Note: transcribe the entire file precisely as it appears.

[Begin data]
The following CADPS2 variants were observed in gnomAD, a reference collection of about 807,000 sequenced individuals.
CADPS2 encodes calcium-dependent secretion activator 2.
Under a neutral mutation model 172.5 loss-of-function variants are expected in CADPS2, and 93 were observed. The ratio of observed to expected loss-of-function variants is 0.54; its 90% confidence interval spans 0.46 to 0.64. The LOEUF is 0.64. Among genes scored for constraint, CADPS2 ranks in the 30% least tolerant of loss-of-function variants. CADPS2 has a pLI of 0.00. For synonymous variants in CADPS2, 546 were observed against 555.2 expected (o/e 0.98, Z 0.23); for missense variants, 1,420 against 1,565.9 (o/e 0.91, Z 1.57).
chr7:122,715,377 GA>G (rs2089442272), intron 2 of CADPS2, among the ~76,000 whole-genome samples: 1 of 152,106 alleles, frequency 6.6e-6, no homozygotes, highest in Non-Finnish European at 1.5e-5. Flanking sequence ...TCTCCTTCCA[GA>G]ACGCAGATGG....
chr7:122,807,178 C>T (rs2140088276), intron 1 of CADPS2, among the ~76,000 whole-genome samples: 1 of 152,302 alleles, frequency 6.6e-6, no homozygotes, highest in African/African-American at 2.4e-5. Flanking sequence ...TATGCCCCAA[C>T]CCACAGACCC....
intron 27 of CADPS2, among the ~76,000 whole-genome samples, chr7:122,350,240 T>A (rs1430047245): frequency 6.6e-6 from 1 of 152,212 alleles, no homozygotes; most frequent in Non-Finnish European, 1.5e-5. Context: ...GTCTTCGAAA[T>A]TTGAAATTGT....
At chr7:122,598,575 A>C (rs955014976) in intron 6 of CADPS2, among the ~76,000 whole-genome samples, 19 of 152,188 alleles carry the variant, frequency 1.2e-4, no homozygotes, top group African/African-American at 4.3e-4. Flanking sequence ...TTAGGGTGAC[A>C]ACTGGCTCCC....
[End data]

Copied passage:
The following CADPS2 variants were observed in gnomAD, a reference collection of about 807,000 sequenced individuals.
CADPS2 encodes calcium-dependent secretion activator 2.
Under a neutral mutation model 172.5 loss-of-function variants are expected in CADPS2, and 93 were observed. The ratio of observed to expected loss-of-function variants is 0.54; its 90% confidence interval spans 0.46 to 0.64. The LOEUF is 0.64. Among genes scored for constraint, CADPS2 ranks in the 30% least tolerant of loss-of-function variants. CADPS2 has a pLI of 0.00. For synonymous variants in CADPS2, 546 were observed against 555.2 expected (o/e 0.98, Z 0.23); for missense variants, 1,420 against 1,565.9 (o/e 0.91, Z 1.57).
chr7:122,715,377 GA>G (rs2089442272), intron 2 of CADPS2, among the ~76,000 whole-genome samples: 1 of 152,106 alleles, frequency 6.6e-6, no homozygotes, highest in Non-Finnish European at 1.5e-5. Flanking sequence ...TCTCCTTCCA[GA>G]ACGCAGATGG....
chr7:122,807,178 C>T (rs2140088276), intron 1 of CADPS2, among the ~76,000 whole-genome samples: 1 of 152,302 alleles, frequency 6.6e-6, no homozygotes, highest in African/African-American at 2.4e-5. Flanking sequence ...TATGCCCCAA[C>T]CCACAGACCC....
intron 27 of CADPS2, among the ~76,000 whole-genome samples, chr7:122,350,240 T>A (rs1430047245): frequency 6.6e-6 from 1 of 152,212 alleles, no homozygotes; most frequent in Non-Finnish European, 1.5e-5. Context: ...GTCTTCGAAA[T>A]TTGAAATTGT....
At chr7:122,598,575 A>C (rs955014976) in intron 6 of CADPS2, among the ~76,000 whole-genome samples, 19 of 152,188 alleles carry the variant, frequency 1.2e-4, no homozygotes, top group African/African-American at 4.3e-4. Flanking sequence ...TTAGGGTGAC[A>C]ACTGGCTCCC....